Welcome address by Bank of Greece Governor Yannis Stournaras at a formal dinner in honour of Jean-Claude Juncker, former President of the European Commission and former Prime Minister of Luxembourg
18/05/2022 - Speeches
on the occasion of his election as honorary member of the Academy of Athens.
It is a great pleasure and privilege for the Bank of Greece to welcome President Jean-Claude Juncker, on the occasion of his election as honorary member of the Academy of Athens.
We welcome a great European statesman and a great friend of Greece. A man who has contributed so much to Greece staying in the Eurozone in 2012 and 2015, as I have witnessed first-hand in these difficult years, first as Minister of Finance and then as Governor of the Bank of Greece.
A statesman who, during his long years of service in senior government positions both in Luxembourg and at European institutions, proved to be one of the staunchest champions of European integration and one of the strongest leaders who handled successfully the crises that the Eurozone faced over the last several years. A visionary leader who contributed enormously to the creation of our common currency, the euro, who strongly believed in it since its inception and fought hard to ensure its stability throughout these years.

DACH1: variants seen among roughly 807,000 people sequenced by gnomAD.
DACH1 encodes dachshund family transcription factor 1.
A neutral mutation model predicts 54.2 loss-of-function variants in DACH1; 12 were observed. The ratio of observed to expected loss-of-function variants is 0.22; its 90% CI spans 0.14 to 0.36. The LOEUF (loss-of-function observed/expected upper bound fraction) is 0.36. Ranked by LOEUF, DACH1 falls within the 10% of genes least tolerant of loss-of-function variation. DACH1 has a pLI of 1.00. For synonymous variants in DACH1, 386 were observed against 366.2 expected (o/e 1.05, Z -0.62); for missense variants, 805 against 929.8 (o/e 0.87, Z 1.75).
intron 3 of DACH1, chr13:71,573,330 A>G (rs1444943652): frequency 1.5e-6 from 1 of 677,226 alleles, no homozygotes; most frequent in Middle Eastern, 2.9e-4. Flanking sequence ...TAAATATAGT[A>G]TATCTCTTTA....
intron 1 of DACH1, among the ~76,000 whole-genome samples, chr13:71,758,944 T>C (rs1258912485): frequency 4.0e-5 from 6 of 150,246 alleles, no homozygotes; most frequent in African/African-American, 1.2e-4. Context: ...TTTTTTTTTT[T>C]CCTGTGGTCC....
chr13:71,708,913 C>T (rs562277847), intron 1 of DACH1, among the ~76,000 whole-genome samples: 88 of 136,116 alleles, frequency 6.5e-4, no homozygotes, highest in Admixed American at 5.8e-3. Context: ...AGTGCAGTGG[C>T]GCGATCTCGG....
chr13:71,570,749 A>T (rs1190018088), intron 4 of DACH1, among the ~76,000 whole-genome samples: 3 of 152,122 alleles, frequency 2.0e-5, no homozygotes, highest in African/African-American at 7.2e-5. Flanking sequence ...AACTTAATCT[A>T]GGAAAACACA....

Born in Luxembourg, a country in the heart of Europe, our dearest Jean-Claude realised at a young age that the future of Europe lies in the close cooperation of its member-states and mainly in the gradual integration of national policies and rules. Having left his mark on his country’s politics, he rose to top positions in the European Union and, in this capacity, worked hard on European integration. He is one of the great Europeanists, following in the footsteps of Helmut Kohl and François Mitterrand, with his firm conviction that European integration is the only way forward and that this path is irreversible.
President Juncker was one of the most consistent and influential advocates that Greece could solve its fiscal problems within the Eurozone, rather than outside, as some sadly wanted at the time. He strongly resisted the idea that Greece should be sacrificed like Iphigenia to allow the fleet to sail. This was due not only to his expressed love for Greece and its heavy cultural heritage, but mainly to his strong belief in the European values and in the basic principle of keeping the Eurozone together.
He fervently defended Greece’s place in the European family, by deeply understanding and recognising the efforts that the Greek people had made to preserve the country’s hard-won place. I believe this is his greatest contribution, as far as we Greeks are concerned. We owe him a lot.
Last, but not least, I want to thank Prime Minister Kyriakos Mitsotakis, who came here tonight almost directly from his flight back to Greece from his trip to the United States, in order to honour our guest, President Jean Claude Juncker.